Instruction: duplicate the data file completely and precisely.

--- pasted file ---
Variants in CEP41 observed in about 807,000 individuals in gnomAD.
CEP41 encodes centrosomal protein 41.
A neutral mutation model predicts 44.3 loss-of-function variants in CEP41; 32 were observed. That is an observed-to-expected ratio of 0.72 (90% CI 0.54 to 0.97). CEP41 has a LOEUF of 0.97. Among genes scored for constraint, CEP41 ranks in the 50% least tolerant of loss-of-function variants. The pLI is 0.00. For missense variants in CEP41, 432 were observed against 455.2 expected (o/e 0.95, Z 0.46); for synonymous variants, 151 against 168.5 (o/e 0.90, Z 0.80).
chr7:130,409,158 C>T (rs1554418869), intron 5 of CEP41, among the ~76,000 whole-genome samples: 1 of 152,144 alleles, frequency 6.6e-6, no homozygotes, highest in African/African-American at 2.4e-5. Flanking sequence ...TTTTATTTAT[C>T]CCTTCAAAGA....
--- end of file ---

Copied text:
Variants in CEP41 observed in about 807,000 individuals in gnomAD.
CEP41 encodes centrosomal protein 41.
A neutral mutation model predicts 44.3 loss-of-function variants in CEP41; 32 were observed. That is an observed-to-expected ratio of 0.72 (90% CI 0.54 to 0.97). CEP41 has a LOEUF of 0.97. Among genes scored for constraint, CEP41 ranks in the 50% least tolerant of loss-of-function variants. The pLI is 0.00. For missense variants in CEP41, 432 were observed against 455.2 expected (o/e 0.95, Z 0.46); for synonymous variants, 151 against 168.5 (o/e 0.90, Z 0.80).
chr7:130,409,158 C>T (rs1554418869), intron 5 of CEP41, among the ~76,000 whole-genome samples: 1 of 152,144 alleles, frequency 6.6e-6, no homozygotes, highest in African/African-American at 2.4e-5. Flanking sequence ...TTTTATTTAT[C>T]CCTTCAAAGA....